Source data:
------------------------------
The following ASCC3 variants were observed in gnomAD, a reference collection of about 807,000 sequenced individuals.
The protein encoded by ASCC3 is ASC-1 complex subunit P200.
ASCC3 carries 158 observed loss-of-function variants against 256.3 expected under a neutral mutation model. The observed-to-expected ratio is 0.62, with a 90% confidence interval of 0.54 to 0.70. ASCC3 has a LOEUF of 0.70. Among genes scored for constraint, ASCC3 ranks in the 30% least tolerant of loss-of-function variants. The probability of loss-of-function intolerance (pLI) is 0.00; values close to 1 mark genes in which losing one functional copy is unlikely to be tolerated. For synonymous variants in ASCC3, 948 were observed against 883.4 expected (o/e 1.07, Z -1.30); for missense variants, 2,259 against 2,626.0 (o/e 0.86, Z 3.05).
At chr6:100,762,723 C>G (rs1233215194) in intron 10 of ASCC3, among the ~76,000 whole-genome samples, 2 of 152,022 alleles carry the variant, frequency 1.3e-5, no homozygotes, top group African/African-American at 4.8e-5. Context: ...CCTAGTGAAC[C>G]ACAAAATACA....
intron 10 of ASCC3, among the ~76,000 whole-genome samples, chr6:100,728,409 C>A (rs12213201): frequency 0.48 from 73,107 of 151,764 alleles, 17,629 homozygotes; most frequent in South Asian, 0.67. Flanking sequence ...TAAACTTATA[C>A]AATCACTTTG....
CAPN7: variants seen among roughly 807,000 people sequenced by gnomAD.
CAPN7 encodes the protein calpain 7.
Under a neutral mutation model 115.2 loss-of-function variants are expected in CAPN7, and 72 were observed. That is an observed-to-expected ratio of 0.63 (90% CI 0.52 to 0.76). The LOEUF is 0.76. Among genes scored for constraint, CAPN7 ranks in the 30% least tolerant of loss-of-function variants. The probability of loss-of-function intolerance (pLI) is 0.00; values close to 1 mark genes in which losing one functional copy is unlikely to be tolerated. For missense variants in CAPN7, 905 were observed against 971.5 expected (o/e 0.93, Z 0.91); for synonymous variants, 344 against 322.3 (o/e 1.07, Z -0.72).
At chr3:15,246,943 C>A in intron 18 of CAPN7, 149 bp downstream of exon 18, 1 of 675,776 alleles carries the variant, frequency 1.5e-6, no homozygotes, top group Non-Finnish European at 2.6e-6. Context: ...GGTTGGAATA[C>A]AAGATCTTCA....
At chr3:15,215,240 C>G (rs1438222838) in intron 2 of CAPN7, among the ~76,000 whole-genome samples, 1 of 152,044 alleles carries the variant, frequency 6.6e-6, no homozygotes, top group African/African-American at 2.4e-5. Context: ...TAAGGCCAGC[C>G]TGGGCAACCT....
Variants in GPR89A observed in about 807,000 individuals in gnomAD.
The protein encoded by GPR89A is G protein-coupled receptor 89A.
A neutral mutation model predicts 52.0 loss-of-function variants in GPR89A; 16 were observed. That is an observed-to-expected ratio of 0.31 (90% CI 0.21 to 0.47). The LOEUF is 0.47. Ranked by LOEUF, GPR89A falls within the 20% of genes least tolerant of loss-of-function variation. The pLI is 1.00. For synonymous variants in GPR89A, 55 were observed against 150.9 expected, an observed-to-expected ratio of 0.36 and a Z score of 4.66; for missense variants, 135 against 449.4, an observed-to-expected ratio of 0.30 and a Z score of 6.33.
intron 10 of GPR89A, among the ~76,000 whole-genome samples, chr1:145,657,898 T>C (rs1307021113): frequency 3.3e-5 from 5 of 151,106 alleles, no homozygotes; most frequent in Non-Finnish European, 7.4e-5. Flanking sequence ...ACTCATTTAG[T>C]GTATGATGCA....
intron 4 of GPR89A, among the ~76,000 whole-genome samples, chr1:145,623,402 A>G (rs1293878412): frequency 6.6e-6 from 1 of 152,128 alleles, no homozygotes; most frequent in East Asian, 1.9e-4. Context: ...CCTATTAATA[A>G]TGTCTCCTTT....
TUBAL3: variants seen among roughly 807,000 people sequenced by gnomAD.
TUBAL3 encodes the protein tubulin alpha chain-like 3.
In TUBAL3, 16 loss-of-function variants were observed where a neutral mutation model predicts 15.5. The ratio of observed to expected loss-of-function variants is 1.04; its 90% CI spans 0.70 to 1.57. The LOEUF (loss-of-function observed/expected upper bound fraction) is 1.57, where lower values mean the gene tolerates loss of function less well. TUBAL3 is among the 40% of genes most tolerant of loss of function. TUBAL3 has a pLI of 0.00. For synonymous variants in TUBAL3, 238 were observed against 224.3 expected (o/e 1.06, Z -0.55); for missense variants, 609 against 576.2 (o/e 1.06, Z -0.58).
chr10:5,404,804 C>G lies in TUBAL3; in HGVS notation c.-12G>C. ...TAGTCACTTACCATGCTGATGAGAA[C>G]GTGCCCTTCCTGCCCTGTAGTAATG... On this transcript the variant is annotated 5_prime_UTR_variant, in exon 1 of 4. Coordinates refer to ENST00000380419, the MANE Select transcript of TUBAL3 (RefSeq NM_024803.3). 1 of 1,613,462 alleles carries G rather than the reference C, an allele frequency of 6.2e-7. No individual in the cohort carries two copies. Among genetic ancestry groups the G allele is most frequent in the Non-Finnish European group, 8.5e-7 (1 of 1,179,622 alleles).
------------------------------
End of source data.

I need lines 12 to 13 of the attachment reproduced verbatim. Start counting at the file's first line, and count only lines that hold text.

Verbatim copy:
The protein encoded by GPR89A is G protein-coupled receptor 89A.
A neutral mutation model predicts 52.0 loss-of-function variants in GPR89A; 16 were observed. That is an observed-to-expected ratio of 0.31 (90% CI 0.21 to 0.47). The LOEUF is 0.47. Ranked by LOEUF, GPR89A falls within the 20% of genes least tolerant of loss-of-function variation. The pLI is 1.00. For synonymous variants in GPR89A, 55 were observed against 150.9 expected, an observed-to-expected ratio of 0.36 and a Z score of 4.66; for missense variants, 135 against 449.4, an observed-to-expected ratio of 0.30 and a Z score of 6.33.